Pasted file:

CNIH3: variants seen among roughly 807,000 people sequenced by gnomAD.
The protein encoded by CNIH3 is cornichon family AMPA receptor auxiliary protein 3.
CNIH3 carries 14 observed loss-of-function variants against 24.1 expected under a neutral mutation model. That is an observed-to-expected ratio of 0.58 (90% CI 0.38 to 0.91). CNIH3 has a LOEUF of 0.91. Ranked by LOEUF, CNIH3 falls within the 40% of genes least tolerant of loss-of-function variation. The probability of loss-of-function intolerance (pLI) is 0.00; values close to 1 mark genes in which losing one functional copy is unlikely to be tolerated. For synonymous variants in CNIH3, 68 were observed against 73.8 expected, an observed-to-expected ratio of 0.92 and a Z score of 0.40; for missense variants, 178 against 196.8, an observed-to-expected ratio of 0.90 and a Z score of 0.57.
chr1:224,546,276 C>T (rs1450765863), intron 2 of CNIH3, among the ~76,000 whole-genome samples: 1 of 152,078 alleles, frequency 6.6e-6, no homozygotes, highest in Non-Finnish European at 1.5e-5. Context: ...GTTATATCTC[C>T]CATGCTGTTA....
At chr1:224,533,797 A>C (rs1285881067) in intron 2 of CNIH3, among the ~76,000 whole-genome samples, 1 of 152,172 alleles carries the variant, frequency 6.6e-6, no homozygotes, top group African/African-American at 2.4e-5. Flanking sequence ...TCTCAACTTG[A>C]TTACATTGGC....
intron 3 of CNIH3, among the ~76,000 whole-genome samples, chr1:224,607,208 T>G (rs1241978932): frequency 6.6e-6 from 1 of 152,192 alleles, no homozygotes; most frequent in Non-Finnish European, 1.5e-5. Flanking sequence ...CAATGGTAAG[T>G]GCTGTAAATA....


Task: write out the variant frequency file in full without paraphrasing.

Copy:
CNIH3: variants seen among roughly 807,000 people sequenced by gnomAD.
The protein encoded by CNIH3 is cornichon family AMPA receptor auxiliary protein 3.
CNIH3 carries 14 observed loss-of-function variants against 24.1 expected under a neutral mutation model. That is an observed-to-expected ratio of 0.58 (90% CI 0.38 to 0.91). CNIH3 has a LOEUF of 0.91. Ranked by LOEUF, CNIH3 falls within the 40% of genes least tolerant of loss-of-function variation. The probability of loss-of-function intolerance (pLI) is 0.00; values close to 1 mark genes in which losing one functional copy is unlikely to be tolerated. For synonymous variants in CNIH3, 68 were observed against 73.8 expected, an observed-to-expected ratio of 0.92 and a Z score of 0.40; for missense variants, 178 against 196.8, an observed-to-expected ratio of 0.90 and a Z score of 0.57.
chr1:224,546,276 C>T (rs1450765863), intron 2 of CNIH3, among the ~76,000 whole-genome samples: 1 of 152,078 alleles, frequency 6.6e-6, no homozygotes, highest in Non-Finnish European at 1.5e-5. Context: ...GTTATATCTC[C>T]CATGCTGTTA....
At chr1:224,533,797 A>C (rs1285881067) in intron 2 of CNIH3, among the ~76,000 whole-genome samples, 1 of 152,172 alleles carries the variant, frequency 6.6e-6, no homozygotes, top group African/African-American at 2.4e-5. Flanking sequence ...TCTCAACTTG[A>C]TTACATTGGC....
intron 3 of CNIH3, among the ~76,000 whole-genome samples, chr1:224,607,208 T>G (rs1241978932): frequency 6.6e-6 from 1 of 152,192 alleles, no homozygotes; most frequent in Non-Finnish European, 1.5e-5. Flanking sequence ...CAATGGTAAG[T>G]GCTGTAAATA....